September 15, 2011
Researchers Announce Discovery Of New Dolphin Species
A new species of dolphin native to Australia has been discovered off the coast of Port Phillip and the Gippsland Lakes by Monash University researchers, BBC News reports.
The rare dolphins were formally recognized as a unique species after studies showed they are different to every other dolphin in the world. The dolphins, numbering at about 150, were originally believed to be one of two recognized bottlenose species.
But by Thursday, they realized they were in fact unique and unlike any other species found in the world. Detailed DNA studies and an analysis of skulls in museums showed the dolphins are in fact a new species, formally classified as Tursiops australis.
Revealing the findings in the journal PLoS One, Monash University´s PhD researcher Kate Charlton-Robb said that through DNA evidence, skull measurements and other physical traits found in specimens dating back to the early 1900s, they are in fact new species.
The new species will be commonly known as the Burrunan dolphin, an aboriginal name meaning “large sea fish of the porpoise kind.”
“This is an incredibly fascinating discovery as there have only been three new dolphin species formally described and recognized since the late 1800s,” said Charlton-Robb. “What makes this even more exciting is this dolphin species has been living right under our noses, with only two known resident populations living in Port Phillip Bay and the Gippsland Lakes in Victoria,” she added.
Previous research had shown that the DNA found in the dolphins differed from the bottlenose dolphins: Tursiops truncatus and Tursiops aduncus. But, in accordance with the recommendations from the Workshop on Cetacean Systematics and the Unified Species Concept, the use of the molecular evidence alone was inadequate for describing a new species, and deemed more evidence was needed. That´s where Charlton-Robb and her colleagues came in.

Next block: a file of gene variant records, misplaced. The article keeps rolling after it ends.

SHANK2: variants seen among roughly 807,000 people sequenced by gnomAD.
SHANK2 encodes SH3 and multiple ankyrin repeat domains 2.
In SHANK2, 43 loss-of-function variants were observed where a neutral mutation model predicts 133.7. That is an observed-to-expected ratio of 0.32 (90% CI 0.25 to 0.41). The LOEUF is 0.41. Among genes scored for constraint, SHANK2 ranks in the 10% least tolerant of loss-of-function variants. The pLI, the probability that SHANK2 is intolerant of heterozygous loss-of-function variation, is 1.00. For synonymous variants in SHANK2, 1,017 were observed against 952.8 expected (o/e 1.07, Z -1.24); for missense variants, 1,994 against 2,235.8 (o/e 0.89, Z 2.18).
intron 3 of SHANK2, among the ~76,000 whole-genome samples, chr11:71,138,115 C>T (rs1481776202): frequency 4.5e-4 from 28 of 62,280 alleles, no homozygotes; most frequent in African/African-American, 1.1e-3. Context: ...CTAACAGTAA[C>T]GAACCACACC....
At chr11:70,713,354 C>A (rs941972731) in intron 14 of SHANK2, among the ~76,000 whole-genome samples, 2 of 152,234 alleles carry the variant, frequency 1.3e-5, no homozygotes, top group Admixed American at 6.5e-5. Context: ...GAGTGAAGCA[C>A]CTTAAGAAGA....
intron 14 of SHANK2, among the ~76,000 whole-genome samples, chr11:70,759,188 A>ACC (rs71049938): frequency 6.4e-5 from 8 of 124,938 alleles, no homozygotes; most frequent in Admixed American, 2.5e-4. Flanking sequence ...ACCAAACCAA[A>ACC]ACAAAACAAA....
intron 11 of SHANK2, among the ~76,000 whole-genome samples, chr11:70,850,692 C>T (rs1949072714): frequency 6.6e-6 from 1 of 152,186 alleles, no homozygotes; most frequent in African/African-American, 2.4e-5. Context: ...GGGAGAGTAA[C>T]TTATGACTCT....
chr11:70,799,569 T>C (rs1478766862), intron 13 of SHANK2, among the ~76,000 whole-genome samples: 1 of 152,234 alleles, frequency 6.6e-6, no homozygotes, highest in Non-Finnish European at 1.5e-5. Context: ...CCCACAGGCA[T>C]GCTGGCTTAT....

With the help of analysis of dolphin skulls from Museum Victoria, the researchers were able to find the evidence needed to make the call for a new species recognition.
They were able to describe the macro-morphological, coloration and cranial characters of the dolphins, assess the available new genetic data, and conclude that multiple lines of evidence clearly indicate a new species.
The Museum´s Senior Curator of Mammals said the discovery was a great example of what biodiversity research can find. “Through the careful application of emerging technologies to museum specimens, researchers are revealing that our biological heritage is far more diverse than we realize,” said the curator.
The recognition of T. australis as a new species is particularly important given the dolphin remains endemic to a geographically small region of southern Australia, where only “two small populations exist,” and “within close proximity to major urban and agricultural” areas, giving them a “high conservation value” and making them susceptible to numerous threats, the researchers argue.
In fact, now that it is recognized as a new species it may immediately qualify under Australia´s criteria for endangered animals, they said.
On the Net: